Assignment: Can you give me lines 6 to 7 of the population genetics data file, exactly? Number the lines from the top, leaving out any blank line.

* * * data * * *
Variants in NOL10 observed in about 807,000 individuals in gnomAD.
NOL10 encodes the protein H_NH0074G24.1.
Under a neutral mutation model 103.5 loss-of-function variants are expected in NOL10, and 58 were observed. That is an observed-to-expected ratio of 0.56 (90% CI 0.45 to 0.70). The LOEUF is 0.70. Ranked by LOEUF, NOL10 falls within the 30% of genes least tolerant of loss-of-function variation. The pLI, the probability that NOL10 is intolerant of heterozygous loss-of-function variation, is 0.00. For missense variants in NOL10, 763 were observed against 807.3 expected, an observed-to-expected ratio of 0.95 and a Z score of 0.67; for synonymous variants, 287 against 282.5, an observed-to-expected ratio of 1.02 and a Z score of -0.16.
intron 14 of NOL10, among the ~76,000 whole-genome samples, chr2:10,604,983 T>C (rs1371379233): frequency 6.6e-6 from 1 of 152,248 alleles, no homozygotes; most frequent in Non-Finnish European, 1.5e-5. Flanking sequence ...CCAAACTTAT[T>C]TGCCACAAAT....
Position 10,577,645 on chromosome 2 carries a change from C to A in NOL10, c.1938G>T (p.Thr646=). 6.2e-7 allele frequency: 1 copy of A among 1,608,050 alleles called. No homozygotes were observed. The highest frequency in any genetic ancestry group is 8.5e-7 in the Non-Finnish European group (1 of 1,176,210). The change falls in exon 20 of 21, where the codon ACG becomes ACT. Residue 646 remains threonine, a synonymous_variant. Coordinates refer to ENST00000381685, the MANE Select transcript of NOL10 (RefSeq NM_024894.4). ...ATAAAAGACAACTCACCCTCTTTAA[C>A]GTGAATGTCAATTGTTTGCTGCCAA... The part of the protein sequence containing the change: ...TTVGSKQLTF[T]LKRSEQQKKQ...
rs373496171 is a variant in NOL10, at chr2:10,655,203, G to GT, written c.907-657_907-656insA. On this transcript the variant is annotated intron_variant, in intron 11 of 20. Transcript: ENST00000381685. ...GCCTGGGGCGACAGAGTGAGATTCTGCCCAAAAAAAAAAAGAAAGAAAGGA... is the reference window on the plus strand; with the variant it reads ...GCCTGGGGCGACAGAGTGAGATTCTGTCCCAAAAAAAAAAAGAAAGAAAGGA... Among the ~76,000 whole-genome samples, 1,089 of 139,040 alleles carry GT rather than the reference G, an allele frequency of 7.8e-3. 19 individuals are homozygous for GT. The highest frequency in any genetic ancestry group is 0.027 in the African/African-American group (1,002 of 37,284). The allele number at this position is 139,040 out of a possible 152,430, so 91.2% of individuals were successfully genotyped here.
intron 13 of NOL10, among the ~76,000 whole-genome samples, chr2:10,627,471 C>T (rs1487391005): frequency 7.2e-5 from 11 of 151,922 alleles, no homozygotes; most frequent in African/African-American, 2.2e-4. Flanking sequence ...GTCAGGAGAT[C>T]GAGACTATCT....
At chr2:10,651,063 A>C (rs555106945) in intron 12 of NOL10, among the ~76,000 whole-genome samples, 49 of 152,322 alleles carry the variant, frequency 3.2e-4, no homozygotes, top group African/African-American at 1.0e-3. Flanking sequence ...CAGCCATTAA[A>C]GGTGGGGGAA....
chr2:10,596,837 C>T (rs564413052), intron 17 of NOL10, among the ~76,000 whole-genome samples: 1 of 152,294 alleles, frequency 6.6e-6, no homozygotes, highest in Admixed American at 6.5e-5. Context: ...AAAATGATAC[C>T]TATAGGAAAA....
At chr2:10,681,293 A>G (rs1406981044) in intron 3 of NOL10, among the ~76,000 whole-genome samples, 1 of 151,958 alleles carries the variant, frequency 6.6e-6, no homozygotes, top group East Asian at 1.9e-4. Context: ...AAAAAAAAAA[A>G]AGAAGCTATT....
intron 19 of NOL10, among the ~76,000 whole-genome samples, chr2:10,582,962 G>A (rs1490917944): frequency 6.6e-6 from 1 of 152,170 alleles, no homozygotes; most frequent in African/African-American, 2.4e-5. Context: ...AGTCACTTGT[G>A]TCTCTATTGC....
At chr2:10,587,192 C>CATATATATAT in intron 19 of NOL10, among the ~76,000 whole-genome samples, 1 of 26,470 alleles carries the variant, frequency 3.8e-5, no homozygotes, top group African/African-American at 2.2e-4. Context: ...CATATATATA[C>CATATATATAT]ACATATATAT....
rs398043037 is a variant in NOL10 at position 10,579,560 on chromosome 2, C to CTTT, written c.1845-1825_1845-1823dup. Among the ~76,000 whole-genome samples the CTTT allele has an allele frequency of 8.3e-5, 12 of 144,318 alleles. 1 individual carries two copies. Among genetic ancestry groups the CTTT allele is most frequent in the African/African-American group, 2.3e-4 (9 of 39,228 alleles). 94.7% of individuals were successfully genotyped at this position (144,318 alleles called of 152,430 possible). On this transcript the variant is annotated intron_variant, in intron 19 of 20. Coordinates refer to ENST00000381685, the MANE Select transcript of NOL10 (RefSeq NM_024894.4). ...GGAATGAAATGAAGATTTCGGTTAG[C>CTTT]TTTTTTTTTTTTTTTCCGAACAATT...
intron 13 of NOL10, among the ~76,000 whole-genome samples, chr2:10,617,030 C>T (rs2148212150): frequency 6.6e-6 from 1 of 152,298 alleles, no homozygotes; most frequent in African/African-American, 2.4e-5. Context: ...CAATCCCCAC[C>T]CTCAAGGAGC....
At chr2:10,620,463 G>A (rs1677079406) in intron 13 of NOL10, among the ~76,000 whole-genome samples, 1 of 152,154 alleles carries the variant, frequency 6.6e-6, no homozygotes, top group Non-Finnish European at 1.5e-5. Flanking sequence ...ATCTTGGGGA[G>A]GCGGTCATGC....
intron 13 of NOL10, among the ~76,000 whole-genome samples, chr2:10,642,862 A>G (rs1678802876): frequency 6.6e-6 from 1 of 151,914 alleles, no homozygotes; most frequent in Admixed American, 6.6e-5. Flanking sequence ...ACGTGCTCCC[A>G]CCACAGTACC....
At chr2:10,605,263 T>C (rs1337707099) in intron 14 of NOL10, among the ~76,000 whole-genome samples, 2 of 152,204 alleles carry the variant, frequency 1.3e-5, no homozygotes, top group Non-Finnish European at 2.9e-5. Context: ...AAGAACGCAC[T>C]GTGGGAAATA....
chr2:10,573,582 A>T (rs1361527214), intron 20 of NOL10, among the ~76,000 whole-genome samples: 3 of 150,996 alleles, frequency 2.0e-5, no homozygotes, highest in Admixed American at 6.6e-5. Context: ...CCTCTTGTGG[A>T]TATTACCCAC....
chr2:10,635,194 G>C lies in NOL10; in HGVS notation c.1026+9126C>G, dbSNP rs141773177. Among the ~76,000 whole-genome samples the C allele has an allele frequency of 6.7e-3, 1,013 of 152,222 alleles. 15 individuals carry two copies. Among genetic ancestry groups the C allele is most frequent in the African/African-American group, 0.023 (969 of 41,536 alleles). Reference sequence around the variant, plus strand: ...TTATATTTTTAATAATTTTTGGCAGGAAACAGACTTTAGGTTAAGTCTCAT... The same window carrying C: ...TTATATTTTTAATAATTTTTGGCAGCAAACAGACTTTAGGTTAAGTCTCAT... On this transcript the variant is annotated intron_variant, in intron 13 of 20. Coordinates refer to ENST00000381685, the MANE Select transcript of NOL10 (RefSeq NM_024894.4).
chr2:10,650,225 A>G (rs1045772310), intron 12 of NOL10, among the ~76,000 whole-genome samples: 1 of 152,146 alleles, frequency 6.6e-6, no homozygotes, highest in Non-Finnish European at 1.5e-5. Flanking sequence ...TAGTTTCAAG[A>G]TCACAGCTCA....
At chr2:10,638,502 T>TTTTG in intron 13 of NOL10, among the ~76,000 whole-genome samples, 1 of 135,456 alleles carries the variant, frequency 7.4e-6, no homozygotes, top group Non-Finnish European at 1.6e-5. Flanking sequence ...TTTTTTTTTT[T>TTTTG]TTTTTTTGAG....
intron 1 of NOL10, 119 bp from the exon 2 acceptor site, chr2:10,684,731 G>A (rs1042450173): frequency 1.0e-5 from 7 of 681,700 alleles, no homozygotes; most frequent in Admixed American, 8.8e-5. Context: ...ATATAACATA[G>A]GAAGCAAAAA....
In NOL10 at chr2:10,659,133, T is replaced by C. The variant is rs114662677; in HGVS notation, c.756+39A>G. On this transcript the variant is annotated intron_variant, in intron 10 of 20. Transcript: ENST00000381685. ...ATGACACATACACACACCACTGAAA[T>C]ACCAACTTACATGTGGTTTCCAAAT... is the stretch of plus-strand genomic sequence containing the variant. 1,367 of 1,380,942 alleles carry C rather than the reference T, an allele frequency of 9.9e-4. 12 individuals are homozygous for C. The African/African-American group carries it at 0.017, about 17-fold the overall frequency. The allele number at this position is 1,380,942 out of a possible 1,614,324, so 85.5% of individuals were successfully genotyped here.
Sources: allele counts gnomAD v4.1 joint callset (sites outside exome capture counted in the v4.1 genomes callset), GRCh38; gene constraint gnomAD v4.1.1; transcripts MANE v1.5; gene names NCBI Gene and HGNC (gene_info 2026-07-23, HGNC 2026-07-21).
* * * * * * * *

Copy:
rs373496171 is a variant in NOL10, at chr2:10,655,203, G to GT, written c.907-657_907-656insA. On this transcript the variant is annotated intron_variant, in intron 11 of 20. Transcript: ENST00000381685. ...GCCTGGGGCGACAGAGTGAGATTCTGCCCAAAAAAAAAAAGAAAGAAAGGA... is the reference window on the plus strand; with the variant it reads ...GCCTGGGGCGACAGAGTGAGATTCTGTCCCAAAAAAAAAAAGAAAGAAAGGA... Among the ~76,000 whole-genome samples, 1,089 of 139,040 alleles carry GT rather than the reference G, an allele frequency of 7.8e-3. 19 individuals are homozygous for GT. The highest frequency in any genetic ancestry group is 0.027 in the African/African-American group (1,002 of 37,284). The allele number at this position is 139,040 out of a possible 152,430, so 91.2% of individuals were successfully genotyped here.
intron 13 of NOL10, among the ~76,000 whole-genome samples, chr2:10,627,471 C>T (rs1487391005): frequency 7.2e-5 from 11 of 151,922 alleles, no homozygotes; most frequent in African/African-American, 2.2e-4. Flanking sequence ...GTCAGGAGAT[C>T]GAGACTATCT....